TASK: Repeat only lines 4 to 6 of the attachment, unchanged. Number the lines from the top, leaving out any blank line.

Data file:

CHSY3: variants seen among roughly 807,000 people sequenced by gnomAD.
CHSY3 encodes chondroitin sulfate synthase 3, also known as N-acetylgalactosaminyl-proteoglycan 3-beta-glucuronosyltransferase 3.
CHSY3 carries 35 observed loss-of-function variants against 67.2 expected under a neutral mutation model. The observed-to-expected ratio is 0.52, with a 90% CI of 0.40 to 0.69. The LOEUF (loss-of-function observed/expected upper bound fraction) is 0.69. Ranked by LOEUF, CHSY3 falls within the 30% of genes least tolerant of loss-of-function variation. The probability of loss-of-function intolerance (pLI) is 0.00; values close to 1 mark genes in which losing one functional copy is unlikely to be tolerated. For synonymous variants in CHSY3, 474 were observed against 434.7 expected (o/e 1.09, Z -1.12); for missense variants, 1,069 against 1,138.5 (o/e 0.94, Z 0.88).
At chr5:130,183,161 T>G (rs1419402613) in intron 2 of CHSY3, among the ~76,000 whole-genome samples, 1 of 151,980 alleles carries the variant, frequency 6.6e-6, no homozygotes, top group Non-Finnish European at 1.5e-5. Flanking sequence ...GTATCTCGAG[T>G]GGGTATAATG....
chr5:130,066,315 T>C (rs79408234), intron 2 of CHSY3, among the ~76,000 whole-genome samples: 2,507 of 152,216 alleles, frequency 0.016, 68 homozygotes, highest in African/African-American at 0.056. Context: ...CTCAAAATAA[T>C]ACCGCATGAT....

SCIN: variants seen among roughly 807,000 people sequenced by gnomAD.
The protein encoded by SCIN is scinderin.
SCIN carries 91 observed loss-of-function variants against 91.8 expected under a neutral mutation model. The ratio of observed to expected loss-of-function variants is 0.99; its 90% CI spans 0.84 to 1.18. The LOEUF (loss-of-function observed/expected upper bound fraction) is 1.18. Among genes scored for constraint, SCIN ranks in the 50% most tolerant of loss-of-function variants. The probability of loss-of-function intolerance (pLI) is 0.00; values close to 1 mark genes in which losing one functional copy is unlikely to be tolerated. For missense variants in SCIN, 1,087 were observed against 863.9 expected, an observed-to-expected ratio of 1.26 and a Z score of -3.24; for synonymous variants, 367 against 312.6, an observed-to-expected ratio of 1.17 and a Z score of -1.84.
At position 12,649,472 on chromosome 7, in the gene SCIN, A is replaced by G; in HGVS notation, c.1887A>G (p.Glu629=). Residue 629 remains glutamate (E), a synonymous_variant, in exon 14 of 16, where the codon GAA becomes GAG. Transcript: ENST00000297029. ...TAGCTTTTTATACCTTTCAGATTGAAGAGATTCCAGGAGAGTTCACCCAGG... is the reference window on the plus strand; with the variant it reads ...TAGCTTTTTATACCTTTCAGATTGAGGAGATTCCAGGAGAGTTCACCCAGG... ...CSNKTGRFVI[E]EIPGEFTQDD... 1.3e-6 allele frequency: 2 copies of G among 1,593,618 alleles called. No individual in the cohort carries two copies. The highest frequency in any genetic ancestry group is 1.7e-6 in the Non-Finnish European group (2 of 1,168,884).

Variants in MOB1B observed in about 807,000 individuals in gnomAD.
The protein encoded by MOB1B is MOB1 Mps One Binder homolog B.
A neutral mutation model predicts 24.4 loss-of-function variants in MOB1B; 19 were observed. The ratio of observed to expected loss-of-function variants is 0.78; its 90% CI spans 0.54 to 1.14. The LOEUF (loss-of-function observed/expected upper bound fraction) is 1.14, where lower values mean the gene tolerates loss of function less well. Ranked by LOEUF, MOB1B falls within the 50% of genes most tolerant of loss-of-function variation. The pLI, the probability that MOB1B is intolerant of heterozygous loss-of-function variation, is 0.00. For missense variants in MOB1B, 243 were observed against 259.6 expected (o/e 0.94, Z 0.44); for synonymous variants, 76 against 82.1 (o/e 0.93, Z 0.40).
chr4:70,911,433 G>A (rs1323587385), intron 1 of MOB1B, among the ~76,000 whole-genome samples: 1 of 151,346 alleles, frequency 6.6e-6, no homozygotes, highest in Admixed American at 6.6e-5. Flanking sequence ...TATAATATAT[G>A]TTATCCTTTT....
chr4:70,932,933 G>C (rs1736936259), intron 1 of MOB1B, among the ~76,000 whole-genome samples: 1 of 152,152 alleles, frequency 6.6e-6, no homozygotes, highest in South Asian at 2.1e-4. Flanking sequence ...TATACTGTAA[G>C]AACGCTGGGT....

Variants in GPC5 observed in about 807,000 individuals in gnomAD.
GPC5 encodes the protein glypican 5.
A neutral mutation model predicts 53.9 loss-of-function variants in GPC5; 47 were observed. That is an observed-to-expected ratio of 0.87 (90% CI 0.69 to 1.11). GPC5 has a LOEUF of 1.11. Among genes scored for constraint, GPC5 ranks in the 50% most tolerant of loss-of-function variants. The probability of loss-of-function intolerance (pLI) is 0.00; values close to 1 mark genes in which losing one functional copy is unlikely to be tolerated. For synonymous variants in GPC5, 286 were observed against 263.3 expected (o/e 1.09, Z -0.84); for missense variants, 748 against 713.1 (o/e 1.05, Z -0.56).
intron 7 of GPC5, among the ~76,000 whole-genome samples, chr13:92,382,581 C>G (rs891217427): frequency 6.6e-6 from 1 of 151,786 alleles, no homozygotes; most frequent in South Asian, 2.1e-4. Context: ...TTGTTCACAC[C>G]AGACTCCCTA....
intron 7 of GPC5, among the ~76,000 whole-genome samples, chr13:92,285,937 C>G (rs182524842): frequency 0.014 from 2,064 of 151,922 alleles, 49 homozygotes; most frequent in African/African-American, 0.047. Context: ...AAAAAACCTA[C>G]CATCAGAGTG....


At chr5:130,183,161 T>G (rs1419402613) in intron 2 of CHSY3, among the ~76,000 whole-genome samples, 1 of 151,980 alleles carries the variant, frequency 6.6e-6, no homozygotes, top group Non-Finnish European at 1.5e-5. Flanking sequence ...GTATCTCGAG[T>G]GGGTATAATG....
chr5:130,066,315 T>C (rs79408234), intron 2 of CHSY3, among the ~76,000 whole-genome samples: 2,507 of 152,216 alleles, frequency 0.016, 68 homozygotes, highest in African/African-American at 0.056. Context: ...CTCAAAATAA[T>C]ACCGCATGAT....

SCIN: variants seen among roughly 807,000 people sequenced by gnomAD.